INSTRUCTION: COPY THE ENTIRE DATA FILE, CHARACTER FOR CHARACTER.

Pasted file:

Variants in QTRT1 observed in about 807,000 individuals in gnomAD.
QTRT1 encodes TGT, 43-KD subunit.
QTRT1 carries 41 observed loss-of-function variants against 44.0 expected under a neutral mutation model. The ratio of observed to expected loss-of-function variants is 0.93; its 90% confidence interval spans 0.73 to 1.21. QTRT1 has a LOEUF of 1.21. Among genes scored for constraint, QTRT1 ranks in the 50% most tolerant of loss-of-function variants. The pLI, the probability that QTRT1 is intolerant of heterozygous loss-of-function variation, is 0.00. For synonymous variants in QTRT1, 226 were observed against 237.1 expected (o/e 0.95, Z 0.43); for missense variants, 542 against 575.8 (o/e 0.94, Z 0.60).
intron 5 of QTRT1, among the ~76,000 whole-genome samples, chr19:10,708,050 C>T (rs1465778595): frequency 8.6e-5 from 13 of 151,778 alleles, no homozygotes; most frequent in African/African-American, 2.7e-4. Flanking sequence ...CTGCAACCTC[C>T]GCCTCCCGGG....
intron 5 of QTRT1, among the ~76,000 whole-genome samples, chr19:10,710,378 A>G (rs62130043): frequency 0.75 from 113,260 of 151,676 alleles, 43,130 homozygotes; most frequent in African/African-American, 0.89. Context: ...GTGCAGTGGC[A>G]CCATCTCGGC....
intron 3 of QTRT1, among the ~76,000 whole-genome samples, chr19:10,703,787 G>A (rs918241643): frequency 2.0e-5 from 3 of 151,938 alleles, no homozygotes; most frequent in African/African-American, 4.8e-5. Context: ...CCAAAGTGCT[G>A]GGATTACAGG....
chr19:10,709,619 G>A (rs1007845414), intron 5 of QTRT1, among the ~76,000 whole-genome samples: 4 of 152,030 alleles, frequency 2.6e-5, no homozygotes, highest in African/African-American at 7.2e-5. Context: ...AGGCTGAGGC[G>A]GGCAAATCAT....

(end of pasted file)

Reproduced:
Variants in QTRT1 observed in about 807,000 individuals in gnomAD.
QTRT1 encodes TGT, 43-KD subunit.
QTRT1 carries 41 observed loss-of-function variants against 44.0 expected under a neutral mutation model. The ratio of observed to expected loss-of-function variants is 0.93; its 90% confidence interval spans 0.73 to 1.21. QTRT1 has a LOEUF of 1.21. Among genes scored for constraint, QTRT1 ranks in the 50% most tolerant of loss-of-function variants. The pLI, the probability that QTRT1 is intolerant of heterozygous loss-of-function variation, is 0.00. For synonymous variants in QTRT1, 226 were observed against 237.1 expected (o/e 0.95, Z 0.43); for missense variants, 542 against 575.8 (o/e 0.94, Z 0.60).
intron 5 of QTRT1, among the ~76,000 whole-genome samples, chr19:10,708,050 C>T (rs1465778595): frequency 8.6e-5 from 13 of 151,778 alleles, no homozygotes; most frequent in African/African-American, 2.7e-4. Flanking sequence ...CTGCAACCTC[C>T]GCCTCCCGGG....
intron 5 of QTRT1, among the ~76,000 whole-genome samples, chr19:10,710,378 A>G (rs62130043): frequency 0.75 from 113,260 of 151,676 alleles, 43,130 homozygotes; most frequent in African/African-American, 0.89. Context: ...GTGCAGTGGC[A>G]CCATCTCGGC....
intron 3 of QTRT1, among the ~76,000 whole-genome samples, chr19:10,703,787 G>A (rs918241643): frequency 2.0e-5 from 3 of 151,938 alleles, no homozygotes; most frequent in African/African-American, 4.8e-5. Context: ...CCAAAGTGCT[G>A]GGATTACAGG....
chr19:10,709,619 G>A (rs1007845414), intron 5 of QTRT1, among the ~76,000 whole-genome samples: 4 of 152,030 alleles, frequency 2.6e-5, no homozygotes, highest in African/African-American at 7.2e-5. Context: ...AGGCTGAGGC[G>A]GGCAAATCAT....